Saturday, September 18


Almost exactly two years ago I first visited the Museum of Welsh Life at St Fagans just outside Cardiff on the way home from a cycling tour of the Brecon Beacons.

Happening upon clogmaker Geraint Parfitt I made a spur of the moment decision to order a a pair of hand-made clogs from him - requiring nothing more at the time than having my feet drawn round and choosing a style and colour.

I'd all but forgotten about them when he rang me a couple of months ago to say that they were ready for me to collect, and last week I travelled out to Cardiff for an overnight trip to pick them up.

The final fitting involves getting to the museum first thing in the morning to try them on, then Geraint will make the final adjustments to the upper and attach the rubber soles and so on, so that you can take them home later that day.

The wooden soles are made of sycamore, which came from Barry (the place, not Geraint's mate!) just a few miles from the museum. They are also made by hand and bear the signs of the whittling involved. The dye is painted on by hand by Geraint himself, and the extent to which the dye takes to the leather varies, depending on the oil content and so on of the leather. As a result the colour is expected to weather over time to give a mottled effect. The closures on the straps are very simple and are made very tight to begin with, as the leather will stretch quite quickly as the clogs are broken in.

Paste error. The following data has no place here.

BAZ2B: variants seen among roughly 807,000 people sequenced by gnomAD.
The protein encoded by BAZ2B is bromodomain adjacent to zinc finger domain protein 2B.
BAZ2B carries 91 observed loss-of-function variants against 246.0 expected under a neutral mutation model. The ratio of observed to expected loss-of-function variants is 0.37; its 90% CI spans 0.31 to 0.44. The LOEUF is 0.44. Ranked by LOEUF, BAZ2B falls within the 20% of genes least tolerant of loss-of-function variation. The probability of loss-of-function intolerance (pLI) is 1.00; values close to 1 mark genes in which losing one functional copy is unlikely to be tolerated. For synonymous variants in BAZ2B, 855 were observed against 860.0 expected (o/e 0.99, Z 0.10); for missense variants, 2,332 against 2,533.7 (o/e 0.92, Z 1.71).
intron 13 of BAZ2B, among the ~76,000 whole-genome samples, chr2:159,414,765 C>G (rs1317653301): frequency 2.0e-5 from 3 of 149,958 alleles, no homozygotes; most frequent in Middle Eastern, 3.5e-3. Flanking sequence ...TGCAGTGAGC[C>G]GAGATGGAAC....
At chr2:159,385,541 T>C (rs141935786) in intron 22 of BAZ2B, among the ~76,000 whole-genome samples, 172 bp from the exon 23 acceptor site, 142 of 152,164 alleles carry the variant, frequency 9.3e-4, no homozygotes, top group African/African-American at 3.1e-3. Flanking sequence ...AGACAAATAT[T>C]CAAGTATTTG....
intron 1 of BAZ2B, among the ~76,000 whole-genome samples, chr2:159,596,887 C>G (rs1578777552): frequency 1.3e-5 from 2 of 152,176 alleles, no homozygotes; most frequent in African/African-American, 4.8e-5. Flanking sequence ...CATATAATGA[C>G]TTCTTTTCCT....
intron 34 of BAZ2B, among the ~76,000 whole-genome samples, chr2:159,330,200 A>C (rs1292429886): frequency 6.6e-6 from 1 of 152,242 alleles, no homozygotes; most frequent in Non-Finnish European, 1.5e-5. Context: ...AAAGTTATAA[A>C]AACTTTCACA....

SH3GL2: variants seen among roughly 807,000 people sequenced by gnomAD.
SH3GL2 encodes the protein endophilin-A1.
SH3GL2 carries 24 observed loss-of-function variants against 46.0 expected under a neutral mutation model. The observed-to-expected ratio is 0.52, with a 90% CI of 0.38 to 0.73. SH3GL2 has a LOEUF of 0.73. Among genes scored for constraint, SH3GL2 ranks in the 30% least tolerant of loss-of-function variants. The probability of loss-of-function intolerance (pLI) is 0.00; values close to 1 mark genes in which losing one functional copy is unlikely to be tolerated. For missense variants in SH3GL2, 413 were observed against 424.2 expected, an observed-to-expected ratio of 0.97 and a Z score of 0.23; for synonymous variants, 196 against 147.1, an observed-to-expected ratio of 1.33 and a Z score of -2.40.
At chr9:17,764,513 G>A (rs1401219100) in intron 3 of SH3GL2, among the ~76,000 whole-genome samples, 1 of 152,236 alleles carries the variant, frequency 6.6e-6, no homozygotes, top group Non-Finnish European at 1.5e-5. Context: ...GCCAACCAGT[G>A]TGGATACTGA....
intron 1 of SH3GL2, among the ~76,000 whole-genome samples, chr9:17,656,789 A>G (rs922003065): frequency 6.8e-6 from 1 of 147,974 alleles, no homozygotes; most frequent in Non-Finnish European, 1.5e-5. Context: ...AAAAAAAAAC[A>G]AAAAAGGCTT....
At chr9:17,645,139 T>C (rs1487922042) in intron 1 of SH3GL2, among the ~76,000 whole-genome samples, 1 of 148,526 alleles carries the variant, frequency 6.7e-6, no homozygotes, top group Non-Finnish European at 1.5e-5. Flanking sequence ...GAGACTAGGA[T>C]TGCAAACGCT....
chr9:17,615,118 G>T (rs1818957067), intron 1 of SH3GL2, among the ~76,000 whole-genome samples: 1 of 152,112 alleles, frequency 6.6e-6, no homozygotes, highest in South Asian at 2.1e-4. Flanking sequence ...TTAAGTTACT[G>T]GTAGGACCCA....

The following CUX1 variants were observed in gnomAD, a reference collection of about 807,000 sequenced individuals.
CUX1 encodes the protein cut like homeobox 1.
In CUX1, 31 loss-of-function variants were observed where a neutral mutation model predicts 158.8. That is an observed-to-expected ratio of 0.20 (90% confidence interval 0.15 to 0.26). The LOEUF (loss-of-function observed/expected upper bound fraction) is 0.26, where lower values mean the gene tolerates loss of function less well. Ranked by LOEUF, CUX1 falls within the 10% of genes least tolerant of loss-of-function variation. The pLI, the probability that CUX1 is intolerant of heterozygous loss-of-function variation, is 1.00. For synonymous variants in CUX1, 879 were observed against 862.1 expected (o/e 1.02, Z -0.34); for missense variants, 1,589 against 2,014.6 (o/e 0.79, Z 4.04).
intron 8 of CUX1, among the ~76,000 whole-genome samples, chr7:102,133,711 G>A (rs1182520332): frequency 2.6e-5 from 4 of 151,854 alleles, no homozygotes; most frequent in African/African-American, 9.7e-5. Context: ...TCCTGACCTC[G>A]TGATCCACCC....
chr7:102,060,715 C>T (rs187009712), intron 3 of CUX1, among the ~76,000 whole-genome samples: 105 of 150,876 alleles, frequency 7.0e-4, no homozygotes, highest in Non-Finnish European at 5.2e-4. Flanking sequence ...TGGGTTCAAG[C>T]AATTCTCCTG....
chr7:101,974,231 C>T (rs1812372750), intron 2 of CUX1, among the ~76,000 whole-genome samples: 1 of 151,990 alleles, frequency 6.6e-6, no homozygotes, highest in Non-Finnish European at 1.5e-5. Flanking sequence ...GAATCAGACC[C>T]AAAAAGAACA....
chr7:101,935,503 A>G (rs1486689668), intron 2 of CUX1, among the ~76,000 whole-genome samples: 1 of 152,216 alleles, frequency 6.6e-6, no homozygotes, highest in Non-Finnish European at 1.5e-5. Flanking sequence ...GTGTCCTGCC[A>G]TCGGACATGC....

Wearing the clogs gives me a couple of inches extra in height - which is very welcome for a shorty like me. The lack of flexibility of the soles means they are strange to walk in and I suspect it will take some time to get used to them. I really love the colour and the care with which they have been crafted.


Felix said...

Those clogs are awesome! I love all the context, history, materiality... I bet they make a fantastic sound with their good, solid, Sycamore soles!

knit nurse said...

Definitely make a great clonking noise on the concrete steps of our block, but indoors are rather dulled by the rubber soles (perhaps a good thing for the neighbours!)

colleen said...

Lovely to have a pair of bespoke clogs - an all round sensory experience. I have a pair of red wooden clogs from Penrith, bought when I was about 20 on a spur of the moment decision. In those days, there was a fishmonger in Brewer Street who used to wear clogs in his shop too, useful for raising his feet above the damp floors. As we say on this side of the water - wish you well to wear them...